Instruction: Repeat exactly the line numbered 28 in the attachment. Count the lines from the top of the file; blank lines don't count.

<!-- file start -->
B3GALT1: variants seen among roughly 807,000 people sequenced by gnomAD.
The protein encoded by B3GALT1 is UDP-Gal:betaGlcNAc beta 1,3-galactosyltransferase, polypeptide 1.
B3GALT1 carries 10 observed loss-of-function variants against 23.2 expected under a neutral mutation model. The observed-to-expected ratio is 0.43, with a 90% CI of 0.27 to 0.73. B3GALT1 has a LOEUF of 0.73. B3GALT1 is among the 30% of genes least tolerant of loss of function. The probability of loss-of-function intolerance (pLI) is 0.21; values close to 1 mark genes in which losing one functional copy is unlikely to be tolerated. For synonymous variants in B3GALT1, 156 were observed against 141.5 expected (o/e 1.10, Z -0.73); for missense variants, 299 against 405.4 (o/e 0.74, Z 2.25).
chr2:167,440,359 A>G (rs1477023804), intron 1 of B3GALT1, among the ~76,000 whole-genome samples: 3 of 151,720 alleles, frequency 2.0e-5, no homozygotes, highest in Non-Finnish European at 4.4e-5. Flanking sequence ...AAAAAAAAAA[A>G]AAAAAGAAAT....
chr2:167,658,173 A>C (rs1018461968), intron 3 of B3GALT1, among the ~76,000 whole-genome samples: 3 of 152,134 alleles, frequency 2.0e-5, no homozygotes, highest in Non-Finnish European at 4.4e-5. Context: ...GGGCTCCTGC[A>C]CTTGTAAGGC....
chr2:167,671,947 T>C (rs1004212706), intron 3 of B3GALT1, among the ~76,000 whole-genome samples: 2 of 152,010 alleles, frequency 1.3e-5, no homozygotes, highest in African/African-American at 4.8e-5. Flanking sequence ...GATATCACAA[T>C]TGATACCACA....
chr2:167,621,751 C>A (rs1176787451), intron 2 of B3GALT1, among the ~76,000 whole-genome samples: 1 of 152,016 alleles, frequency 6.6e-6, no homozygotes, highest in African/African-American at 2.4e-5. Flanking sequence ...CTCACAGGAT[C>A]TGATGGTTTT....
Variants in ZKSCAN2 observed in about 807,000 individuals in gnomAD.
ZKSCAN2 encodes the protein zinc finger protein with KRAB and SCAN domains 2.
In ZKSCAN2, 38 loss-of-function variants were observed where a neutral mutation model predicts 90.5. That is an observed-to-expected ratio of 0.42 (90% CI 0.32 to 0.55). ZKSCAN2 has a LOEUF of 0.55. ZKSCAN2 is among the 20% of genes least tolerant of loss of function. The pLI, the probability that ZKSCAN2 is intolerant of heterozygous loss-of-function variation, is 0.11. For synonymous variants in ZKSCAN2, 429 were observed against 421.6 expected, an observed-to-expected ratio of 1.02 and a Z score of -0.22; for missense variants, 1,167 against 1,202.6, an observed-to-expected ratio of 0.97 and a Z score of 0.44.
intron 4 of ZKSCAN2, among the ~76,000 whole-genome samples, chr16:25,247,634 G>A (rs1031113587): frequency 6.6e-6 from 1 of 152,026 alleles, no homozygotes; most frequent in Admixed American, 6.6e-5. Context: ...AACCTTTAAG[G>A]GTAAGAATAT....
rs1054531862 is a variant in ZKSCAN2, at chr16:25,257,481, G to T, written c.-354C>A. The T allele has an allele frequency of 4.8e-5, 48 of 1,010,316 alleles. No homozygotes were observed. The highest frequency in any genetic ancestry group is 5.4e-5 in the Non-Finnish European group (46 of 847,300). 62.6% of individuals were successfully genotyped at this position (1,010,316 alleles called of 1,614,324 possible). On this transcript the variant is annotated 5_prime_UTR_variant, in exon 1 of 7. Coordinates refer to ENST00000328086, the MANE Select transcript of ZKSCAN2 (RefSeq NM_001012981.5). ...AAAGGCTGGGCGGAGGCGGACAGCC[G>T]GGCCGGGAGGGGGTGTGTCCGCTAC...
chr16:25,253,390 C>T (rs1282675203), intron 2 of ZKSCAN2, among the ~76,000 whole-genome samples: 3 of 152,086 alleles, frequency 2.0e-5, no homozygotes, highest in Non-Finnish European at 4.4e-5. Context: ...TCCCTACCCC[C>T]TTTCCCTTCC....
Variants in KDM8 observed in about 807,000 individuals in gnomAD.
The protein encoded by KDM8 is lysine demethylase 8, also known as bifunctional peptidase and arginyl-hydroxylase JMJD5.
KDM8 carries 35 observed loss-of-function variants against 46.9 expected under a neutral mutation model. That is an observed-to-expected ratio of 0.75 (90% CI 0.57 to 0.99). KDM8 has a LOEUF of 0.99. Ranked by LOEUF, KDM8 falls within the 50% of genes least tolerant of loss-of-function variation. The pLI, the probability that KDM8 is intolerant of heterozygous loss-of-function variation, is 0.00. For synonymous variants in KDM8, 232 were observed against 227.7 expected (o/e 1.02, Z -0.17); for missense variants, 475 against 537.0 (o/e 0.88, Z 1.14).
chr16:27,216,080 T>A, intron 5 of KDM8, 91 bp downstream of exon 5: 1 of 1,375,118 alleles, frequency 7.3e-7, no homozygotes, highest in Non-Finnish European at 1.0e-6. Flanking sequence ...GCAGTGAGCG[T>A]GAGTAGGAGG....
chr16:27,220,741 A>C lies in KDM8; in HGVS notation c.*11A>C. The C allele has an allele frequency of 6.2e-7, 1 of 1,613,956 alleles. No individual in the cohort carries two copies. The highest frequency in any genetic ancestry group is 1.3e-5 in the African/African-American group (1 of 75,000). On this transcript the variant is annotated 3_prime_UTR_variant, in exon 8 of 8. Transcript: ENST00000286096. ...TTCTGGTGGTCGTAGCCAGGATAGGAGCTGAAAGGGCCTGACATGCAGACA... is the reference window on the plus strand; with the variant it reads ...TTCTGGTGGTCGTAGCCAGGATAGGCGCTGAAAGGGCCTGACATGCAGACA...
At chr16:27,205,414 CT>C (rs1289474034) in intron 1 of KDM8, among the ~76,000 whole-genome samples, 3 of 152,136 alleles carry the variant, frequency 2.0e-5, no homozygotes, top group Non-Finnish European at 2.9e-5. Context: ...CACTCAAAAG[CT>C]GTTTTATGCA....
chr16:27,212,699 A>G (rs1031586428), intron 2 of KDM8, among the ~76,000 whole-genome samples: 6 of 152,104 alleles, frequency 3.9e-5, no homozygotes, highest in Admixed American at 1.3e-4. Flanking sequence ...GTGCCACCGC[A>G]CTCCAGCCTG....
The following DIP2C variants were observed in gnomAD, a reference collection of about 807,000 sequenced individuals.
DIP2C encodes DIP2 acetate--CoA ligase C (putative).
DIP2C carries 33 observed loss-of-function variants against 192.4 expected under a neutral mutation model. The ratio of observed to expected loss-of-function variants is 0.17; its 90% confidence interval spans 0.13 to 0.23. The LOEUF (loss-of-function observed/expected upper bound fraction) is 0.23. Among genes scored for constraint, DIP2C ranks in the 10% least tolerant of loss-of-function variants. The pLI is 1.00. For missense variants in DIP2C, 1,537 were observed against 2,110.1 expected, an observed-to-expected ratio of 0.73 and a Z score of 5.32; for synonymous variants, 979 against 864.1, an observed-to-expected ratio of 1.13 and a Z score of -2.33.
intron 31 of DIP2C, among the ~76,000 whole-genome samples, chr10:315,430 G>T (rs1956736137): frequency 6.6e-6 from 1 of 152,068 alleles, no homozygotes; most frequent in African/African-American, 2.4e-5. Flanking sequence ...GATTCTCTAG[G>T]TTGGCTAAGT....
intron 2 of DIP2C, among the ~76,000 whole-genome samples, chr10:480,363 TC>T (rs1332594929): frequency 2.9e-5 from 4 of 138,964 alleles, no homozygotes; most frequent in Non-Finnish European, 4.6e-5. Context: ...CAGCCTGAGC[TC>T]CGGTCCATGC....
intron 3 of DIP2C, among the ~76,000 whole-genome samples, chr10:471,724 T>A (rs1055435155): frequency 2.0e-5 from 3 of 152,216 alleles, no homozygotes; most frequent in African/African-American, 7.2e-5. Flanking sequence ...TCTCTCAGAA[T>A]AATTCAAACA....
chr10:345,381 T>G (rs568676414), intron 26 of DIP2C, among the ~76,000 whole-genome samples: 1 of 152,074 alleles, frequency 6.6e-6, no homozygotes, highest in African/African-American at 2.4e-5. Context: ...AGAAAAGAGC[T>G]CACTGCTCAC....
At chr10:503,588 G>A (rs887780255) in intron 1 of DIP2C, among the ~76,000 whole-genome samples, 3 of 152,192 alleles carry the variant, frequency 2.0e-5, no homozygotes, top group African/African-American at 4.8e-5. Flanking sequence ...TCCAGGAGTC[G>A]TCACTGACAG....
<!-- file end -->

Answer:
At chr10:503,588 G>A (rs887780255) in intron 1 of DIP2C, among the ~76,000 whole-genome samples, 3 of 152,192 alleles carry the variant, frequency 2.0e-5, no homozygotes, top group African/African-American at 4.8e-5. Flanking sequence ...TCCAGGAGTC[G>A]TCACTGACAG....